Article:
Posted by Michael Austin
a resident of Pleasanton Meadows
on Nov 9, 2023 at 11:55 am

Michael Austin is a registered user.

According to Michael Warning, Environmental Services Specialist City of Pleasanton:

"Our water ranges from 100mg/L to 450mg/L (6 grains per gallon to 26 gpg) depending on the source of the water. If we are receiving only groundwater, the water measures on the high end {400-450mg/L or 23-26 grains per gallon (gpg]. Because our water is a variable blend of surface and groundwater, hardness changes throughout the year and by location in the city."

I researched further for average water hardness in the United States:

For perspective, the average hardness for the six cities with the hardest water is 18 grains per gallon or 309 ppm. (Cities are Pensacola Florida, and Riverside CA. Las Vegas, Riverside County CA, Reno.

That study was 2020. Pleasanton drinking water on average exceeds those six worst cities and is probably the worst in the nation.

The Environmental Protection Agency (EPA) provides the following:

Soft water - 0.60 milligrams (mg/L.
Moderate hard water - 61 - 120 mg/L.
Herd water - 121-180 mg/L.
Very hard water - 180 mg/L,

Posted by Michael Austin
a resident of Pleasanton Meadows
on Nov 9, 2023 at 12:02 pm

Michael Austin is a registered user.

I apologize for the typos.
Herd water should be hard water.
Very hard water is over 180.

Posted by Bob12
a resident of Pleasanton Meadows
on Nov 9, 2023 at 2:01 pm

Bob12 is a registered user.

First the highest 30% charge is applied to the lower water users - e.g. if you a good guy conserving water for years to help out, now you get charged the highest rate for being good while the water wasting higher users rates rises at a lessor percent. GO FIGURE?

Secondly if the city council really wanted citizen response, 80 year old people would not be out in the cold while they do their boring routine business first so as to discourage citizens having to wait under such conditions who might criticize their questionable leadership.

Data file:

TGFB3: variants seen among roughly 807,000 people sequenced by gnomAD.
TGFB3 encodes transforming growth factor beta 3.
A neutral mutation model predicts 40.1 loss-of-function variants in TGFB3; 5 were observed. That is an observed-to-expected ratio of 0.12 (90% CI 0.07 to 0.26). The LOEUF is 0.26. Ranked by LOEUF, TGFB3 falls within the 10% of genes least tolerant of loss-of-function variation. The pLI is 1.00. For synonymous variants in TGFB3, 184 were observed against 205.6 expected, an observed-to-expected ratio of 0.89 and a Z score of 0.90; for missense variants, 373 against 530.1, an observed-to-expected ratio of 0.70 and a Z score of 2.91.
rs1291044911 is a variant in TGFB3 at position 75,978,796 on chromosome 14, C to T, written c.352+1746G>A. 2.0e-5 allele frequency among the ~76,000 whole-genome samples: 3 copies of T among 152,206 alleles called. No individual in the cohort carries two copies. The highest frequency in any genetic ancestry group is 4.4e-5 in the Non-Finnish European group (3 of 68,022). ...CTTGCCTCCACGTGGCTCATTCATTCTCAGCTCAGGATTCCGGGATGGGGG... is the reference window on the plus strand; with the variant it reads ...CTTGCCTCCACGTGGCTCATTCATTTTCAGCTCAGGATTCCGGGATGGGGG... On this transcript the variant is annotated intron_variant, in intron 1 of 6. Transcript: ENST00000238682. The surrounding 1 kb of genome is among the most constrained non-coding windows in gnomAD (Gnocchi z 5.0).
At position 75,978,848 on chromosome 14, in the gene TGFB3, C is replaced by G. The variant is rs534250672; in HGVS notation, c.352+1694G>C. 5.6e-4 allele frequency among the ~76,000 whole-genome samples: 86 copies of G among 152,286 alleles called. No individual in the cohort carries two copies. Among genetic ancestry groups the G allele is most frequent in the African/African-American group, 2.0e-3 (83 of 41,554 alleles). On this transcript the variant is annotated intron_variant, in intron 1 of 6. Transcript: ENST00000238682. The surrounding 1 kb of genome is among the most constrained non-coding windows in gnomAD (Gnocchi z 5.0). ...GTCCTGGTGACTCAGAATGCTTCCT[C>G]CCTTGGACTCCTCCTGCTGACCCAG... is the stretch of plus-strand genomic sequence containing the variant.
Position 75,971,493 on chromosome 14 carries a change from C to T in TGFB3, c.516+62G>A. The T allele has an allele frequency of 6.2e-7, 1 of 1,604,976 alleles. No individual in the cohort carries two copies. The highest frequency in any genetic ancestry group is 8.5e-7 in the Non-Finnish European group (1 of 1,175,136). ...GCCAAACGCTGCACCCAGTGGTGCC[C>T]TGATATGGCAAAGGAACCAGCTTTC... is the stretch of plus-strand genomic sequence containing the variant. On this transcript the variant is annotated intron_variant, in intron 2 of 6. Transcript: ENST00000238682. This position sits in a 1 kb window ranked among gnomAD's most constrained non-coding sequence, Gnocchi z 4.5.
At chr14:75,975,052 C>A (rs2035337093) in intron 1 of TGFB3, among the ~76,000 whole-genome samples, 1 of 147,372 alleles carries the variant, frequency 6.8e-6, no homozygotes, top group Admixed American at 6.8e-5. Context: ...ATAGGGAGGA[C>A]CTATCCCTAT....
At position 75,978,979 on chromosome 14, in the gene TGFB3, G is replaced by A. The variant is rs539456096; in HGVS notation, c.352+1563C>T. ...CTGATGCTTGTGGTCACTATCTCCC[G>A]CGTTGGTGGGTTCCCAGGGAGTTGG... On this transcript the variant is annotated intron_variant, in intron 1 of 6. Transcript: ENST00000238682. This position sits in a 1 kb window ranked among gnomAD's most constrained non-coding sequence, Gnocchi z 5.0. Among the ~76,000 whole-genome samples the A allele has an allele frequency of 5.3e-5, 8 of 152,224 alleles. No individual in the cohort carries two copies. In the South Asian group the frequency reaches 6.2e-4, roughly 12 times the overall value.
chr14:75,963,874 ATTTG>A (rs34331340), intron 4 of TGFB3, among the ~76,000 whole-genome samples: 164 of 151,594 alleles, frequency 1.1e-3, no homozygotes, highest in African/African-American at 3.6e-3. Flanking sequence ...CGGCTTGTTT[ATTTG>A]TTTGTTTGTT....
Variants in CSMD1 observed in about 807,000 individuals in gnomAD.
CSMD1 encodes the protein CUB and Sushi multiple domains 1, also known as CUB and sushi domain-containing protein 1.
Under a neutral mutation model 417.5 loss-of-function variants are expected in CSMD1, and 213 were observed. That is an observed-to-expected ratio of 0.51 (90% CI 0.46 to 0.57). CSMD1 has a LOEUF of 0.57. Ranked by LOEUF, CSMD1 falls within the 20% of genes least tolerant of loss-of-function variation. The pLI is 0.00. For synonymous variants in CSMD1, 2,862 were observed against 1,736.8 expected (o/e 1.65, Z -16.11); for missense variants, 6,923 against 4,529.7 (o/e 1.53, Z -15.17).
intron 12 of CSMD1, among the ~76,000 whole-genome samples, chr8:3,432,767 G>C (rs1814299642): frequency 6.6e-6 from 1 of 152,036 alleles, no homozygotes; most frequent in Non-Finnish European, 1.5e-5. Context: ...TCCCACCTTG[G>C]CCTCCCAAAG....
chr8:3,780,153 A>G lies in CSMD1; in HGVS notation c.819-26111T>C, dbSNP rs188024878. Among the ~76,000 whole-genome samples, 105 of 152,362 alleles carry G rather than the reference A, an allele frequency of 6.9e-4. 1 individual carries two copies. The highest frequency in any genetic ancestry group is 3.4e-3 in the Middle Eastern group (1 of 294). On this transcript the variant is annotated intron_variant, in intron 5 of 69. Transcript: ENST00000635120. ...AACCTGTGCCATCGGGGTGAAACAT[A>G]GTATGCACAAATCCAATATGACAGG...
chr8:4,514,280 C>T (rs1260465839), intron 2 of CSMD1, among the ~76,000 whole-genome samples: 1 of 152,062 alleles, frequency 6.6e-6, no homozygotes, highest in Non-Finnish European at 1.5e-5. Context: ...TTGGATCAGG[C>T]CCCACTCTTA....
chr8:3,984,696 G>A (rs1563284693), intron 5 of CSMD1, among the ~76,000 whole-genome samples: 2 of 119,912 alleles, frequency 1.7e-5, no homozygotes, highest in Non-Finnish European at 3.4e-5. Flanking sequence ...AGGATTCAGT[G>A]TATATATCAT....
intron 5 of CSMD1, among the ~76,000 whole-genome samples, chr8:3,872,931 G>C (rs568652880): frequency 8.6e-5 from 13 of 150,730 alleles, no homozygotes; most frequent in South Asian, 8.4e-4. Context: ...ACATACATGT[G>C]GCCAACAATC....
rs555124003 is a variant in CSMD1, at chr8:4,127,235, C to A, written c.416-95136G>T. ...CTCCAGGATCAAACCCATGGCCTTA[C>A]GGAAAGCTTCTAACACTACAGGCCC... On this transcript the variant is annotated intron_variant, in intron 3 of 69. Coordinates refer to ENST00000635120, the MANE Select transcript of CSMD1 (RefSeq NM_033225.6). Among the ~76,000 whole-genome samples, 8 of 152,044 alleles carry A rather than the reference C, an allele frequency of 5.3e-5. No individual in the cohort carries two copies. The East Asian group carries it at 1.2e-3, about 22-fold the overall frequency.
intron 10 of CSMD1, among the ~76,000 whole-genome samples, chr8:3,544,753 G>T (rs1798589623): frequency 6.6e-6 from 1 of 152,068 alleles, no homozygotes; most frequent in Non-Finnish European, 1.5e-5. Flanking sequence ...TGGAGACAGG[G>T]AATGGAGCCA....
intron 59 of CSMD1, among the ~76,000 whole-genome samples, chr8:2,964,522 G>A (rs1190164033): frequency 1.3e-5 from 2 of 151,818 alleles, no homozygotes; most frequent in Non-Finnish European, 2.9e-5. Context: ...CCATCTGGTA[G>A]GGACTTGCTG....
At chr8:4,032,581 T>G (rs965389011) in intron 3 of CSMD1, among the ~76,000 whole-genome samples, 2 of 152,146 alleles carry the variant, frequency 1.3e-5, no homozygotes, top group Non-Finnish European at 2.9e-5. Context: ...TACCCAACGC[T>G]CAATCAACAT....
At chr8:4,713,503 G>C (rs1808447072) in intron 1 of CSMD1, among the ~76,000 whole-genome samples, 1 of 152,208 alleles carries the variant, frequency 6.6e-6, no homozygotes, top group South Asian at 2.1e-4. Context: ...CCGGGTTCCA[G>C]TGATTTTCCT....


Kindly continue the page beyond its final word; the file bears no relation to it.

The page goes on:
Posted by Sanjay
a resident of Ruby Hill
on Nov 9, 2023 at 2:32 pm

Sanjay is a registered user.

Please correct the 62% increase claim about the original plan.

Annual compounding made it 74.72%. If the increases were uniform, a $100 water bill would increase to $130 in 2024 (30%), to $156 in 2025 (20%), and then to $174.72 (12%) in 2025.

For the two-year plan that won the 3-2 vote, the compounded increase is 45.6% (1.3 * 1.12).

The bigger math problem is the inexplicable nonuniformity of the hikes.

1. Why does only the very-low (10 ccf) user’s increase in water bill (44.4%) resemble the two-year average (45.6%)?

2. All the remaining single-family residents see bill increases 10 to 15 percentage points above the average. Who is pulling down the average? Since the SFR category dominates the revenue, could they subsidize others?

3. For argument’s sake, suppose they convinced us it is fair to impose a higher proportional increase on heavier users. Why is the 60 ccf high user handed the highest hike (60.4%) while her two neighbors, 40 ccf medium-to-high user and 90 ccf very high user, both receive 56.3% hikes?

The proof of the pudding is in the eating. This one smells funky. Being forced to swallow two scoops instead of the initial punishment of three is no consolation.

This pudding was/is not the only option to avoid starvation.

A Zoom session with the consultant the day before the vote raised more questions about the model behind the proposal. I shared my analysis with the city and raised the questions that needed to be answered before the vote.

Is it an unfair expectation of our elected leaders to help us understand what we don't by pushing the staff to share the relevant data and answer all the questions on time?

Posted by MsVic
a resident of Mission Park
on Nov 10, 2023 at 8:44 am

MsVic is a registered user.

Testa should be censured or at the very least admonished/reprimanded for her comments about Jack Balch’s comments being political. He was the only one listening to his constituents. Mayor Brown also should be admonished/reprimanded for not correcting the behavior and also her comments that Jack Balch’s financial expertise not being of value. Those two council members reek of lousy leadership and lousy values.